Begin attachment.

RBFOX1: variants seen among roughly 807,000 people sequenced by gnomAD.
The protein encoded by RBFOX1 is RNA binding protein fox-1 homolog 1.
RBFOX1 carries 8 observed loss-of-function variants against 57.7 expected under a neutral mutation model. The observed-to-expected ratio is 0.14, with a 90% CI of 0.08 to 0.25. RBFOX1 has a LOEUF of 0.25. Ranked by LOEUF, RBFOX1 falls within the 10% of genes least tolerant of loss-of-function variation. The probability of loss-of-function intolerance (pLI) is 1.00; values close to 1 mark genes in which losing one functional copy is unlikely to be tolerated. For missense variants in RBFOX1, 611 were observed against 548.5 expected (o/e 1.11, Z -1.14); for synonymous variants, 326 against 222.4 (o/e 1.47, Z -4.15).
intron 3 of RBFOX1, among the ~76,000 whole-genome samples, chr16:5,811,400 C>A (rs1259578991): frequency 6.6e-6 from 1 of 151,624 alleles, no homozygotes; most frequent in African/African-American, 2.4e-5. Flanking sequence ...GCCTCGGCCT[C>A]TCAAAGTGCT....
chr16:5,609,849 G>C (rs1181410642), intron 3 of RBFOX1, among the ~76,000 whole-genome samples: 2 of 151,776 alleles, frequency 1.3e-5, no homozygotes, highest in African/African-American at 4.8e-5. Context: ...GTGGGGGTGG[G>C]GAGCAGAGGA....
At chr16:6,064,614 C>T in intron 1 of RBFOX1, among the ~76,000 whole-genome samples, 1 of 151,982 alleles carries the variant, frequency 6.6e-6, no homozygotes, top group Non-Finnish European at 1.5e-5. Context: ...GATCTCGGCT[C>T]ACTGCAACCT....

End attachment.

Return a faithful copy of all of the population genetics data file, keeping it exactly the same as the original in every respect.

RBFOX1: variants seen among roughly 807,000 people sequenced by gnomAD.
The protein encoded by RBFOX1 is RNA binding protein fox-1 homolog 1.
RBFOX1 carries 8 observed loss-of-function variants against 57.7 expected under a neutral mutation model. The observed-to-expected ratio is 0.14, with a 90% CI of 0.08 to 0.25. RBFOX1 has a LOEUF of 0.25. Ranked by LOEUF, RBFOX1 falls within the 10% of genes least tolerant of loss-of-function variation. The probability of loss-of-function intolerance (pLI) is 1.00; values close to 1 mark genes in which losing one functional copy is unlikely to be tolerated. For missense variants in RBFOX1, 611 were observed against 548.5 expected (o/e 1.11, Z -1.14); for synonymous variants, 326 against 222.4 (o/e 1.47, Z -4.15).
intron 3 of RBFOX1, among the ~76,000 whole-genome samples, chr16:5,811,400 C>A (rs1259578991): frequency 6.6e-6 from 1 of 151,624 alleles, no homozygotes; most frequent in African/African-American, 2.4e-5. Flanking sequence ...GCCTCGGCCT[C>A]TCAAAGTGCT....
chr16:5,609,849 G>C (rs1181410642), intron 3 of RBFOX1, among the ~76,000 whole-genome samples: 2 of 151,776 alleles, frequency 1.3e-5, no homozygotes, highest in African/African-American at 4.8e-5. Context: ...GTGGGGGTGG[G>C]GAGCAGAGGA....
At chr16:6,064,614 C>T in intron 1 of RBFOX1, among the ~76,000 whole-genome samples, 1 of 151,982 alleles carries the variant, frequency 6.6e-6, no homozygotes, top group Non-Finnish European at 1.5e-5. Context: ...GATCTCGGCT[C>T]ACTGCAACCT....